With greed, hatred, and delusion destroyed?

Oh, when will I stay alone in the wood,
Fearless, discerning this body as impermanent,
A nest of death and disease,
Oppressed by death and old age;
When will it be?

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Well, nibbida is a revulsion, and then dispassion happens right before a noble attainment. One had indeed better take care with how they phrase their claims! :no_entry: so I think nibbida’s place in the the progression makes it a very good place to hold a discussion.


In my case, there was 15-year-old kid traumatized by Crohn’s Disease, followed by two decades of hunting through things I would describe harshly - so, charitably, their utter lack of helpfulness in my case.

In the article about nibbida that Piya Tan wrote, there was some discussion about how some people respond with discomfort at the translation ‘revulsion, disgust’, but this has always been something I’ve experienced; and, being well-placed scholastically:

There are some cases in which a person overcome with pain, his mind exhausted, grieves, mourns, laments, beats his breast, and becomes bewildered. Or one overcome with pain, his mind exhausted, comes to search outside, 'Who knows a way or two to stop this pain?’ I tell you, monks, that suffering results either in bewilderment or in search. This is called the result of suffering.

Lots of …complicated maneuvers, over the ensuing years. After a quick jaunt down to Santi (no photos, alas) I ended up as a university custodian (a modern monastery, in a way & if I try at it :wink:).


I’m not a religious person, and maybe some of you will know this about me. But, as I was searching about, something caught my eye, and due to this (along with some Dhammic twists on empiricism, SN 54.9 & MN 144, etc.) I settled in.

Perhaps another term related to nibbida is samvega, urgency. They were already present, but - given the centrality of developing citta - developing epilepsy has strongly invigorated both of them, with both body and now mind experiencing something of an above-average degeneration.

Nibbida, indeed!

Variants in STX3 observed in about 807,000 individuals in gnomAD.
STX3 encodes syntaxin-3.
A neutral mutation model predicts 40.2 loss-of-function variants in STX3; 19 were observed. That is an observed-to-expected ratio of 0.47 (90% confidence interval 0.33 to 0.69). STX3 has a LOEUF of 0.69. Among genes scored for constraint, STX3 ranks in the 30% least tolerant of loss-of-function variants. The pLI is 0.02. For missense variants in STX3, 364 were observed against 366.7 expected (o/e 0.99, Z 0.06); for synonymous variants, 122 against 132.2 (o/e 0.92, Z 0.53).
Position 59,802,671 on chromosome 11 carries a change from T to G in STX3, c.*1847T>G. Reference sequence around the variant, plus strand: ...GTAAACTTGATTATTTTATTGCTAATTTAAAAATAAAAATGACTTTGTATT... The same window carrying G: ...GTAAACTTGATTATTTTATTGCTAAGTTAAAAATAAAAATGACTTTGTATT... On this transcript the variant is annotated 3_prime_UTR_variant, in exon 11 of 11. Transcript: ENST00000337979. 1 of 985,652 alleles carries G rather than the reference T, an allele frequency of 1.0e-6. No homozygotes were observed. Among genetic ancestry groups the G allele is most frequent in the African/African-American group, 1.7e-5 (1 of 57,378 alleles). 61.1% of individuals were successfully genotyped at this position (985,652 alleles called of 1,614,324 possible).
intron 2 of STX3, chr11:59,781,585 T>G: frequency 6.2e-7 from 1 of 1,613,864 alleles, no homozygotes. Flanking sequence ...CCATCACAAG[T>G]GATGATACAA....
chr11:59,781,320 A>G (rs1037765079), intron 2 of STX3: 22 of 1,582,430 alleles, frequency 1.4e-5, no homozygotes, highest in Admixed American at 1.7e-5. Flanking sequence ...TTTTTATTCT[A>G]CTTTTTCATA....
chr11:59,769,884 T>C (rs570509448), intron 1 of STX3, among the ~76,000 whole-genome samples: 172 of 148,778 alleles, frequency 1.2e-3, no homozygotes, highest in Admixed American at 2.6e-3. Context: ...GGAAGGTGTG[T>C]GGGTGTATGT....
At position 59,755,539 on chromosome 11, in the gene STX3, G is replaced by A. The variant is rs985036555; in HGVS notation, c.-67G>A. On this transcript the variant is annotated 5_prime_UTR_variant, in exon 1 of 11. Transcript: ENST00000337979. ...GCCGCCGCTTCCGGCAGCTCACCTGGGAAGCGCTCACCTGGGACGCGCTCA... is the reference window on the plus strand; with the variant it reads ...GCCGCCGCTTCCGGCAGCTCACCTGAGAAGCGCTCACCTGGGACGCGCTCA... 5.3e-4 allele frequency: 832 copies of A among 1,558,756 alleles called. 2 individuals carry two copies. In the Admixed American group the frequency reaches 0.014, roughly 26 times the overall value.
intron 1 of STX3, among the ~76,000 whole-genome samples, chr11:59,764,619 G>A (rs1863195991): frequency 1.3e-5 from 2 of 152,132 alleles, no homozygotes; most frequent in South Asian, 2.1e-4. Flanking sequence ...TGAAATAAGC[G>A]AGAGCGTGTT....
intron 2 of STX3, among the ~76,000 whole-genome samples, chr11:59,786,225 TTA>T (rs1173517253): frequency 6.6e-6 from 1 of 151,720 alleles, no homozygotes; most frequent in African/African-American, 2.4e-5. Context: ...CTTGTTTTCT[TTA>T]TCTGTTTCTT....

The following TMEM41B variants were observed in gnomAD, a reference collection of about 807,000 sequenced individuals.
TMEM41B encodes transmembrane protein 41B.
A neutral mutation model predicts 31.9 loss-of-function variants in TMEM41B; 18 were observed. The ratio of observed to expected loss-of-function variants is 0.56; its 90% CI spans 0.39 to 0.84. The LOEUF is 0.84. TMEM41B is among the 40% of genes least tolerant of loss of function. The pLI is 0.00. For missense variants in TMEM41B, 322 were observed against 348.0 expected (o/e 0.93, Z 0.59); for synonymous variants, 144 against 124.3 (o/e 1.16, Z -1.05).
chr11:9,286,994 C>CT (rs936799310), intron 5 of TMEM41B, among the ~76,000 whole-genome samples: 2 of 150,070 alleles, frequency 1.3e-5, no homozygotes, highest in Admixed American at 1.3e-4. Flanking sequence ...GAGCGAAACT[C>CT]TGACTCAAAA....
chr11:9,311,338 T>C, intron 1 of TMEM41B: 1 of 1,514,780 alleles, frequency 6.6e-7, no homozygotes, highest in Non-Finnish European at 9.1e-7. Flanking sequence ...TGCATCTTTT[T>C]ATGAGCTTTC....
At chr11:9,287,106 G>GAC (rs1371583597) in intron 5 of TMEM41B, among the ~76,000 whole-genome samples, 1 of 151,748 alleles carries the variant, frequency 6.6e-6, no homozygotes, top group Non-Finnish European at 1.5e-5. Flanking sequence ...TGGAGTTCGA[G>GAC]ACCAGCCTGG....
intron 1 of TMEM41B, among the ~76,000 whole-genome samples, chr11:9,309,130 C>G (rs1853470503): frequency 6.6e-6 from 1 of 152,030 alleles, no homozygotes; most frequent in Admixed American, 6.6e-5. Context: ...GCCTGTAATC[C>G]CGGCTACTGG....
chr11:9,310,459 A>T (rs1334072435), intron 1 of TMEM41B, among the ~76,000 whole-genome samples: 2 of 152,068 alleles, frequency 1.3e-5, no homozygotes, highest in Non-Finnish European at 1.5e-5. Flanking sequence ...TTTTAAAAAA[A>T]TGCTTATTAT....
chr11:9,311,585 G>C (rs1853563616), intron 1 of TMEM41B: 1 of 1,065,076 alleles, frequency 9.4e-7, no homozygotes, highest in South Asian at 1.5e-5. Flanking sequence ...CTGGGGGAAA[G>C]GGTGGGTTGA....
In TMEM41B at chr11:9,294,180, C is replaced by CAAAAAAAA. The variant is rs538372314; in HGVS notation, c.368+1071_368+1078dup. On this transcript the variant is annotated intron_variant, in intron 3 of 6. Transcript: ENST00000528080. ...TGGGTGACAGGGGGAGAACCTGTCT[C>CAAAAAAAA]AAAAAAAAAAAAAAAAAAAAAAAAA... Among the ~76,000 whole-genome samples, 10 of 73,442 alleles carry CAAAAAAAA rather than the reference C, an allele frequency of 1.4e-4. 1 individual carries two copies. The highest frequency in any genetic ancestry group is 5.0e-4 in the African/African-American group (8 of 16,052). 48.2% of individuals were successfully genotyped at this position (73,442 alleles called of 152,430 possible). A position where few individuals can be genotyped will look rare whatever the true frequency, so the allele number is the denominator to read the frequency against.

:skull:
:stopwatch:

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No worries, Kay, I don’t mind at all.

This is just beautiful!

Yeah, I feel the most metta when I am in nature, and when I feel one with all of the living beings around me. But when I have to sit down and wish myself well I just get bored. :sweat_smile: I guess, as you say, it’s important to just keep going.

Good idea! Dear Venerables @Vimala, @sujato, and @Brahmali, if you have anything to add it would be much appreciated. :pray:

Anumodana! Same to you, Erik!

Aww, thank you for this Kay! :blush: You’re giving me Shia Labeouf vibes:

But really, the desire to ordain is so strong for me that it might just end up happening. And it is so lovely to have your (and everyone’s) support. :hugs:

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Just throwing this out there… That there might be a ‘middle way :wink:’ regarding practice ie not just full on normal social living or ordination.

For personal health reasons, living in a monastery is not an option for me. So over the past 20 years I have created an environment of my own, where I can pursue the N8FP with minimal distractions.

For almost 20 years I have lived alone (dog as companion), in an isolated place in the australian bush. For the first 15 years I would only have contact with another person once a fortnight or less. In this environment it was easy to abide by the 8 precepts with no problem at all. Honestly though, at this stage of practice I didn’t even know the precepts existed. It was all about meditation, contemplation and a search for the Truth of things.